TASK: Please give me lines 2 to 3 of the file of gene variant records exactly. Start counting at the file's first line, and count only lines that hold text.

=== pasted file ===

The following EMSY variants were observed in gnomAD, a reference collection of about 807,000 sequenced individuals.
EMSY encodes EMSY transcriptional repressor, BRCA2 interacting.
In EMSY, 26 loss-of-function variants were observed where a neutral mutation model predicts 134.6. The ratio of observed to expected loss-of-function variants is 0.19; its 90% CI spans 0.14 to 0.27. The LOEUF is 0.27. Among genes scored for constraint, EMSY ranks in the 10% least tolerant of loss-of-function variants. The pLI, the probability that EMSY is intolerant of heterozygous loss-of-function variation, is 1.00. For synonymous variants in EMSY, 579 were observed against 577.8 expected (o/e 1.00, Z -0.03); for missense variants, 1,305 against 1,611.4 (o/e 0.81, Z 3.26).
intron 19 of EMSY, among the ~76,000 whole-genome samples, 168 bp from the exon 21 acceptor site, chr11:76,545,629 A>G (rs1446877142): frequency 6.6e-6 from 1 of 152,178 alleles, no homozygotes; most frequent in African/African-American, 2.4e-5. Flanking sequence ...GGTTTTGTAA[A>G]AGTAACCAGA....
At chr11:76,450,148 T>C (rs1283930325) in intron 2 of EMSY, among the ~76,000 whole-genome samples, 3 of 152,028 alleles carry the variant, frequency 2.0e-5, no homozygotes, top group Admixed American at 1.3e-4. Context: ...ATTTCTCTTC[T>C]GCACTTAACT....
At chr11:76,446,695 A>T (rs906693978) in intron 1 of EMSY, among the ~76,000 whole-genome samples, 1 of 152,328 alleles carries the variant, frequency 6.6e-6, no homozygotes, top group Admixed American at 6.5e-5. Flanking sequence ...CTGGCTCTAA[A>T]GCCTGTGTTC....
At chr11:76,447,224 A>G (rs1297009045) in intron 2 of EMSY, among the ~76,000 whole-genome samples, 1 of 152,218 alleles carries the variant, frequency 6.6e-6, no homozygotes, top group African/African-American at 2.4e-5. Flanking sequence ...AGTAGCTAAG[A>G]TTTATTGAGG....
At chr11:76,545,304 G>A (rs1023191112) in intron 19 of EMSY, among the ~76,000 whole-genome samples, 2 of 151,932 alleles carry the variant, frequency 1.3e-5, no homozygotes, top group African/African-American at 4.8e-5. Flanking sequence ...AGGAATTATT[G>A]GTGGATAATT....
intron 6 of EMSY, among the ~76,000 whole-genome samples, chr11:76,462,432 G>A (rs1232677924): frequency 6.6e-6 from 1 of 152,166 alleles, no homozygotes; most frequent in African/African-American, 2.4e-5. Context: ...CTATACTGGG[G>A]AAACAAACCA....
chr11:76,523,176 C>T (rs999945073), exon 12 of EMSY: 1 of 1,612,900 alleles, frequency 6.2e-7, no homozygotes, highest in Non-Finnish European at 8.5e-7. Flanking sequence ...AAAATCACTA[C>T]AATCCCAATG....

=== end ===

EMSY encodes EMSY transcriptional repressor, BRCA2 interacting.
In EMSY, 26 loss-of-function variants were observed where a neutral mutation model predicts 134.6. The ratio of observed to expected loss-of-function variants is 0.19; its 90% CI spans 0.14 to 0.27. The LOEUF is 0.27. Among genes scored for constraint, EMSY ranks in the 10% least tolerant of loss-of-function variants. The pLI, the probability that EMSY is intolerant of heterozygous loss-of-function variation, is 1.00. For synonymous variants in EMSY, 579 were observed against 577.8 expected (o/e 1.00, Z -0.03); for missense variants, 1,305 against 1,611.4 (o/e 0.81, Z 3.26).